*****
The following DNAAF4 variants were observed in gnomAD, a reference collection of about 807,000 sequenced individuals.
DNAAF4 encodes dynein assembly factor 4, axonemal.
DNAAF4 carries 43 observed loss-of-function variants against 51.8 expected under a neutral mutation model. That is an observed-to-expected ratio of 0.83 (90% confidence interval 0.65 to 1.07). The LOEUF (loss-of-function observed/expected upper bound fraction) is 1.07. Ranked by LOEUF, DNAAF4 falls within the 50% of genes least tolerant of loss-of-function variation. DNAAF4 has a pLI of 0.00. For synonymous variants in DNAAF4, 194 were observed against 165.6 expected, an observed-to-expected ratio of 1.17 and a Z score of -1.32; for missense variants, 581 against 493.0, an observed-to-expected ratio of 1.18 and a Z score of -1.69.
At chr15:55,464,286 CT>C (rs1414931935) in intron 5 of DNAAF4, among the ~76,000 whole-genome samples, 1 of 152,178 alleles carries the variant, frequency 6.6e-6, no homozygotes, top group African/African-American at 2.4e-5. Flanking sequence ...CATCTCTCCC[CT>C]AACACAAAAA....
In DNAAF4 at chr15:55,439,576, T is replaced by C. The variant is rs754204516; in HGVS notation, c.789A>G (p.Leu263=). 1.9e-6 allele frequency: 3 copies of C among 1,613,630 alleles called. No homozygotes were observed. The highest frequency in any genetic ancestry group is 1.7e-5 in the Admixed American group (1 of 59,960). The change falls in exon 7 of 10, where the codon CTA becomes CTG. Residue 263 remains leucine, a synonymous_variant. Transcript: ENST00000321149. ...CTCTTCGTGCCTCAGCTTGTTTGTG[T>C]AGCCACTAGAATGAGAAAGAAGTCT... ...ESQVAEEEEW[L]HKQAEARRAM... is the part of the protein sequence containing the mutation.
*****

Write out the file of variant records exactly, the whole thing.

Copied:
The following DNAAF4 variants were observed in gnomAD, a reference collection of about 807,000 sequenced individuals.
DNAAF4 encodes dynein assembly factor 4, axonemal.
DNAAF4 carries 43 observed loss-of-function variants against 51.8 expected under a neutral mutation model. That is an observed-to-expected ratio of 0.83 (90% confidence interval 0.65 to 1.07). The LOEUF (loss-of-function observed/expected upper bound fraction) is 1.07. Ranked by LOEUF, DNAAF4 falls within the 50% of genes least tolerant of loss-of-function variation. DNAAF4 has a pLI of 0.00. For synonymous variants in DNAAF4, 194 were observed against 165.6 expected, an observed-to-expected ratio of 1.17 and a Z score of -1.32; for missense variants, 581 against 493.0, an observed-to-expected ratio of 1.18 and a Z score of -1.69.
At chr15:55,464,286 CT>C (rs1414931935) in intron 5 of DNAAF4, among the ~76,000 whole-genome samples, 1 of 152,178 alleles carries the variant, frequency 6.6e-6, no homozygotes, top group African/African-American at 2.4e-5. Flanking sequence ...CATCTCTCCC[CT>C]AACACAAAAA....
In DNAAF4 at chr15:55,439,576, T is replaced by C. The variant is rs754204516; in HGVS notation, c.789A>G (p.Leu263=). 1.9e-6 allele frequency: 3 copies of C among 1,613,630 alleles called. No homozygotes were observed. The highest frequency in any genetic ancestry group is 1.7e-5 in the Admixed American group (1 of 59,960). The change falls in exon 7 of 10, where the codon CTA becomes CTG. Residue 263 remains leucine, a synonymous_variant. Transcript: ENST00000321149. ...CTCTTCGTGCCTCAGCTTGTTTGTG[T>C]AGCCACTAGAATGAGAAAGAAGTCT... ...ESQVAEEEEW[L]HKQAEARRAM... is the part of the protein sequence containing the mutation.